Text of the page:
Endovenous Laser Therapy for Varicose Veins

Cypress Heart & Vascular Center
Cypress Heart & Vascular Center
Cypress Heart & Vascular Center


A: Varicose veins are large, "rope-like" veins, often a one-quarter inch or larger in diameter.

A: Varicose veins occur when the vein is not functioning properly to return blood from the lower leg to the heart. Each vein has a series of valves that open to allow the flow of blood to the heart and close to prevent backflow (otherwise known as "reflux") of blood back into the foot. The walls and valves of veins are thin and elastic and can stretch due to various conditions, including pregnancy, heredity, and age.

A: Approximately half of the population has some form of venous disease, and varicose veins affect about one out of two people age 50 and older and 15-25% of all adults.

A: No. Because there are many veins in the leg, the blood that would have flowed through the closed vein flows through other healthy veins after the laser therapy.

A: Although individual responses vary, most people report little to no pain associated with endovenous laser therapy. Often the only sensation is felt during the anesthetic delivery to the leg. After the procedure, you may feel some tenderness, tingling, itching, or tightness in the treated leg, which should disappear within a month.

A: More information on the causes and treatments of varicose veins can be found at www.treatveins.com. As always, for information on your specific condition, ask your physician.

A: Previously, treatment of painful, swollen varicose veins required a surgical procedure called vein stripping, where the vein was completely removed from the leg. Endovenous laser therapy has been developed to treat chronic venous insufficiency by delivering laser energy through a small puncture in the leg to close the diseased vein.

With endovenous laser therapy, no surgery is required, and the entire procedure can be performed in less than one hour in your physician's office. During the procedure, you are awake, and your leg is anesthetized. A thin laser fiber is inserted into the greater saphenous vein in your thigh. Your physician then will deliver laser energy through the fiber and into the vein, causing the vein to close.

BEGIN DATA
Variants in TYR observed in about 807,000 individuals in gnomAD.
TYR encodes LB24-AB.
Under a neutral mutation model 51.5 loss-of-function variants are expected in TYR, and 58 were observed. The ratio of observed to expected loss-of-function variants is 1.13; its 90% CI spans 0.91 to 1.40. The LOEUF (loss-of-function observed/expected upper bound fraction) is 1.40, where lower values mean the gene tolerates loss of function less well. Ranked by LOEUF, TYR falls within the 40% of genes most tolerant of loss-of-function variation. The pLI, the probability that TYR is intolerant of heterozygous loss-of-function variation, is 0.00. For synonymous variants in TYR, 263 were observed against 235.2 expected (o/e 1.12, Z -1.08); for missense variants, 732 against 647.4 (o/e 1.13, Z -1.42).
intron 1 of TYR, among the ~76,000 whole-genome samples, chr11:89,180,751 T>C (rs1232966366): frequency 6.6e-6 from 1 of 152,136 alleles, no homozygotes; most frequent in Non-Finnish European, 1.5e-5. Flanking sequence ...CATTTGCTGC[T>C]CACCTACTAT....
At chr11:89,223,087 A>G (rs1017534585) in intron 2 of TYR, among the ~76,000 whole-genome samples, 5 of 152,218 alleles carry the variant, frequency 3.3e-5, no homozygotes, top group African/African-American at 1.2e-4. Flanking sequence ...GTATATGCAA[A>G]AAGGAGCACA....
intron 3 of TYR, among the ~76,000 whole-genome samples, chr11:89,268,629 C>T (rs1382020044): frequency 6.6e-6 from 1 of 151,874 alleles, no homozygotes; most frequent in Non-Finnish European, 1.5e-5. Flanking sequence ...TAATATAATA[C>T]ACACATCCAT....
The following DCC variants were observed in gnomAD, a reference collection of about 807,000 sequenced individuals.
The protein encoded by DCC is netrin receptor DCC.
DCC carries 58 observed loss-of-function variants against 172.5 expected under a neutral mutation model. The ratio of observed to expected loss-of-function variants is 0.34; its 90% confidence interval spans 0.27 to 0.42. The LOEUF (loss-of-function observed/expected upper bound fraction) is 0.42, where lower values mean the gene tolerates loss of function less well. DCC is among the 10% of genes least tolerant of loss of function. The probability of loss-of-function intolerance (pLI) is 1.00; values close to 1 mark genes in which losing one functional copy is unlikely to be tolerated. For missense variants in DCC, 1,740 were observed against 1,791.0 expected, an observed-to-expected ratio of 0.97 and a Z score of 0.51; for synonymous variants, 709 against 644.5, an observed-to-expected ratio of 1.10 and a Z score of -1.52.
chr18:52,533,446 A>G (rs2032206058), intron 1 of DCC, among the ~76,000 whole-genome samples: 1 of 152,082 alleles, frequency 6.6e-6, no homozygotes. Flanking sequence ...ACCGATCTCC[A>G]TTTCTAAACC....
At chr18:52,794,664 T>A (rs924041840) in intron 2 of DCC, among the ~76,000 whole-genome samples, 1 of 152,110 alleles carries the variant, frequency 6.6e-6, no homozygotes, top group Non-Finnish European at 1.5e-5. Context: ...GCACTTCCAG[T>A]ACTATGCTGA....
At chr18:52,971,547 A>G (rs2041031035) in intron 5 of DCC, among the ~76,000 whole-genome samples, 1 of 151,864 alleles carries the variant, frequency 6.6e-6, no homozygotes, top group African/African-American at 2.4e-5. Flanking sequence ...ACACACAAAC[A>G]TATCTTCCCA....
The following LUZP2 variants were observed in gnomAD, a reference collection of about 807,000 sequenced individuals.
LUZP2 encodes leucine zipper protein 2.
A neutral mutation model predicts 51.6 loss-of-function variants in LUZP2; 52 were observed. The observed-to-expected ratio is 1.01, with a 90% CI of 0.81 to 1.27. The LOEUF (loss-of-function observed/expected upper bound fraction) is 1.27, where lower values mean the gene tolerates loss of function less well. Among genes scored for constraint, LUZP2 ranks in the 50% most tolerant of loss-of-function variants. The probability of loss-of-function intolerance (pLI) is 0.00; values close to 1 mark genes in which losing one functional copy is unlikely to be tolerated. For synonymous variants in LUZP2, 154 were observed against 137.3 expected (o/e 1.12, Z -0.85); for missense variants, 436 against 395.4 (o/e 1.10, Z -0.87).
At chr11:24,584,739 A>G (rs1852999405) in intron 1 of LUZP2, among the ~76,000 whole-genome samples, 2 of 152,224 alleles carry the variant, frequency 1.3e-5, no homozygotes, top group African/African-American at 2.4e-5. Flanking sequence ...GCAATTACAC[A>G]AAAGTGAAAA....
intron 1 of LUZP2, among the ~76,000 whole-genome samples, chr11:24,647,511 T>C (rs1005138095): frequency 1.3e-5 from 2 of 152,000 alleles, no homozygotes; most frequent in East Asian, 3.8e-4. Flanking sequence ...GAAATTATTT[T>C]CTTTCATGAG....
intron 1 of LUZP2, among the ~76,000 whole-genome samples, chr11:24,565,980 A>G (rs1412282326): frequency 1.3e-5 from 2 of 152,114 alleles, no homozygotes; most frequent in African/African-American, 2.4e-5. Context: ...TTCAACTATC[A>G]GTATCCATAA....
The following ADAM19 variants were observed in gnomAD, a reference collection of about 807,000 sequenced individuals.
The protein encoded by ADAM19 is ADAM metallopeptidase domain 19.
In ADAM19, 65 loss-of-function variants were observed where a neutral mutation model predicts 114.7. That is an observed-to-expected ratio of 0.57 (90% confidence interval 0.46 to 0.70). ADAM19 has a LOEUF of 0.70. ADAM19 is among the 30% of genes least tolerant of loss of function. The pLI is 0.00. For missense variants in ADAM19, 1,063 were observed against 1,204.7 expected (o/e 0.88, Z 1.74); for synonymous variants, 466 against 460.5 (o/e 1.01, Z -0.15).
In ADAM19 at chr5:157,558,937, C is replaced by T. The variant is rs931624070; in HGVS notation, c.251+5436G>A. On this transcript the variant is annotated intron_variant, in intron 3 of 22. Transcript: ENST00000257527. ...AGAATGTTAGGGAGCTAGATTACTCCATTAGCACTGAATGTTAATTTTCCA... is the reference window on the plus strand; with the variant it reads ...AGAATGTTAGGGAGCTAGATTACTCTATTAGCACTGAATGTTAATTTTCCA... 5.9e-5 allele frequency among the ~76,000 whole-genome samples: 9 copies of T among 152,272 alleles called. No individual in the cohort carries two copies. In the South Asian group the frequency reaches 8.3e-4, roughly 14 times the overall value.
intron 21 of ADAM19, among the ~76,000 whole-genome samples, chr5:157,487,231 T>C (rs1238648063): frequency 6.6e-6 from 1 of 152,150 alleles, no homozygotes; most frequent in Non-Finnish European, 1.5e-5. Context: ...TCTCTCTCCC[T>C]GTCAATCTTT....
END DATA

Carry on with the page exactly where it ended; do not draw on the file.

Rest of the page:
A: Bulging varicose veins in the lower leg usually are caused by a faulty valve located higher in the leg that can't be seen at the surface. Endovenous laser therapy treats the source of the problem, which then causes the varicose vein in the lower leg to shrink and disappear.

A: After endovenous laser therapy, a gauze pad and tape will be placed over the puncture site, and a compression stocking or compression bandage will be placed on your leg. You are encouraged to walk following the procedure and resume normal activities immediately. However, during the two weeks following your procedure, you should avoid swimming, vigorous gym workouts, hot baths, or excessive sun.

Your physician will provide customized instructions for you to observe following your endovenous laser therapy, including how long to wear a compression stocking. If you have any questions, ask your physician.

A: You should expect to see some bruising along the treatment site as the vein disappears, which is normal and should gradually disappear within a month. You also may feel some tenderness, tingling, itching, or tightness in your treated leg during the two weeks following the procedure. If you experience significant pain or have bleeding of the treated leg, contact your physician promptly.